A newbie takes a couple drives to tornado alley

Tom DiMatteo

This is my first post here since joining a few months back and I justed wanted to weigh in with a couple stories and a few pics... and a couple questions. Tons of great info on this site and some very knowledgable stormchasers!

June 4th: about 1:30 pm I decide I am tired of waiting around for a storm here in Austin, and surf around here and a couple of weather sites and decide I can stomach the drive to Wichita Falls (700 miles r/t), so off I go with a compass and hand drawn map... As I approach Wichita Falls around 5:00-6:00 I see some towers and an anvil and I think, hey this might be pretty easy... well that part was, and then all hell broke loose as I continued to Iowa park and Electra...

All the way listening to emergency weather reports from freaking Norman, OK! It was crazy with two or three storms going at once... I suddenly realized... crap I'm near some serious sh*t, and at that point I had to admit that I was lost so I started heading south as the rain and visibility were getting worse... I did manage a few pics which I posted here:

I think I may have seen a tornado from afar, but I'm not sure and did not have a chance to try to photograph.

June 12: Same routine.. took off a bit earlier, minimal planning, but decide to try Abilene (475 miles r/t). Again without a laptop, and this time... no conversation on radio about any storms, basically no info, and no visible signs of much in the sky (at least to me). I later came to realize that if I had continued further N/W about 75 miles or so I would have been in the area of all the storms in Jayton and surrounding area's... I had no idea... I guess THAT was a horrible bust...

I guess my point is that if you are going to commit to making those drives, would you at least make sure you had internet or some kind of special radio available before making a trip? I know my answer is yes...

I know its possible to make a long drive and see absolutely nothing, but I was not that far away from some action in retrospect... but I had no idea. Anyway I feel good about taking my shots... any feedback welcome!

Also hoping I get another shot or two down this way... I am sure others feel like there have been plenty of shots in N texas relatively speaking :)

Hey Tom, welcome to the site.

Something you may want to try is hook up with some folks on the site, so that they can "nowcast" for you while you are chasing. Basically, someone sitting at home monitoring the current weather data, radar, etc. keeps in touch with you by cell phone to direct you towards a storm intercept. I've met helpful folks on here who have done the nowcast for me when I'm on a chase, and I also enjoy nowcasting for others out chasing. Even w/ wifi spots on the road, sooner or later your "final approach" usually takes you out in the countryside where you really need someone to inform you of the storm vectors. I guess it's kind of romantic to chase with your eyes only, but the problem is there may be something just over the horizon that you would otherwise miss out on without a nowcaster. When I nowcast for others, I always have my 50-state road atlas nearby, to help the chaser w/ road options, warn of unanticipated obstacles such as lakes, etc. and also use the Level3 radar which overlays warnings, shows mesocyclone signatures, etc.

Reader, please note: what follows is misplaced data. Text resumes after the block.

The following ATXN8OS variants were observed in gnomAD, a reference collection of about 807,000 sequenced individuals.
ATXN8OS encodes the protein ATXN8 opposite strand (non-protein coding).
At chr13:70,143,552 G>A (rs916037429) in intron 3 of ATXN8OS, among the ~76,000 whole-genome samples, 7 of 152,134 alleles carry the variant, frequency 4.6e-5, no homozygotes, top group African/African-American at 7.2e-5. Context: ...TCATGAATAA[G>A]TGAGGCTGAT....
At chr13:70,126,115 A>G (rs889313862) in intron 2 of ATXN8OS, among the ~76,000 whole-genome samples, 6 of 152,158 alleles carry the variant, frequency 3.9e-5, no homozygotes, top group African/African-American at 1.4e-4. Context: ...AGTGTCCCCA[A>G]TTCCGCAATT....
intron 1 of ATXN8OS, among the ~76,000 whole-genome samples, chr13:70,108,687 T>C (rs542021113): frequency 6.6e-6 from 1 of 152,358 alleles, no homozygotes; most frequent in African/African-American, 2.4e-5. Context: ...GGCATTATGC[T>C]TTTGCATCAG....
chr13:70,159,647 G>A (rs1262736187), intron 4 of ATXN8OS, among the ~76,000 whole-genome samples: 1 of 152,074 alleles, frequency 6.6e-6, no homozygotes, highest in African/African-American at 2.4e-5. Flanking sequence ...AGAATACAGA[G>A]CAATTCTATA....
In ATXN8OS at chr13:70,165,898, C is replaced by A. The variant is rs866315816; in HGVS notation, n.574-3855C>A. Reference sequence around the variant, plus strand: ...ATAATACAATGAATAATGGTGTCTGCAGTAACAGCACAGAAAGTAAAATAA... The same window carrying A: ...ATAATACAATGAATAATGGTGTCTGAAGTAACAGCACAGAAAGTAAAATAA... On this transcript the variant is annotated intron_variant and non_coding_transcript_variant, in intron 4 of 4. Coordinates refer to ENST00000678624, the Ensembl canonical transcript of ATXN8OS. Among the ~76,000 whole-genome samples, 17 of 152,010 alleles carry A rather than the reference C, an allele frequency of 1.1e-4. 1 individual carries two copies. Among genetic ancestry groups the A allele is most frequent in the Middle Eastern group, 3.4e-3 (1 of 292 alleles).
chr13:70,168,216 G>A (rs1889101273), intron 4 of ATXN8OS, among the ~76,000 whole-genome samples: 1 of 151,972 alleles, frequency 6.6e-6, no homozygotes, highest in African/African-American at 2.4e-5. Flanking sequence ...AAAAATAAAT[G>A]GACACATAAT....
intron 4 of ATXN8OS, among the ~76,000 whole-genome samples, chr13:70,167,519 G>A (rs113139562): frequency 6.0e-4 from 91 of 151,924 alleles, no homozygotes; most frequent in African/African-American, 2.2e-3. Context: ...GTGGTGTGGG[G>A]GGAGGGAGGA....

Thanks for the reply Mike, having a nowcaster would be ideal. I suppose I didn't feel like I was ready for that yet, but now that I have cracked off a couple of these drives, I can see where that would be invaluable, particular if the chaser also has the same maps! Hell, last weekend somebody could have at least told me... hey bud there is stuff happening further up the road :) I guess 75 miles is still a ways out though.

good to see Missouri representing here, I grew up in Florissant, Mo.

I realized Sunday that nowcasting is extremely helpful in chasing.

Even though I didn't get to see tornadic activity in central OK this past Sunday, I was in position to go towards the best looking storm and it turned out to be a shelf cloud with interesting clouds (I spotted that from a distance). If I didn't have a fearful experience with a 70-mph crosswind during a tornadic supercell day and had just seen a more impressive shelf cloud two days prior, I would have been more brave (and more fascinated) with the storm.

I have good instincts when I know where storms are and nowcasting really helps you in getting to the storm (once I see the storm, at least in the last two years, I've found the most interesting part of the storm with little effort).

In KS, I know many radio stations in the area to find the storms of interest (one of them had a chaser on that alerted me on the first Mulvane tornado last year while I was at a family member's house). For long distances I'm unfamiliar with, a nowcaster can be your best resource.
June 12th taught me a few things....

-There are LARGE NOAA wx radio gaps

-Nowcasters can't help if you don't have cell phone signal

-Barons WXWORX sure would of been helpful!

thanks for the feedback fellas, I am definitely interested in getting a weather radio and maybe a GPS system, already got a laptop. That XM satellite stuff looks pretty cool, but way overkill for me at this point.
Agree, having a good nowcaster, a good cell phone connection, and both parties in sync with maps and locations is ideal, just gotta be very careful about trying to do much... while driving!

I am hoping there is another weekend or two to try this again with a 1-2 day trip up as far as maybe Wichita Falls for example. I am really looking for good photo opp's of some nice storm structure within a good composition and light etc... not so much driving into a tornado or getting blasted with hail :)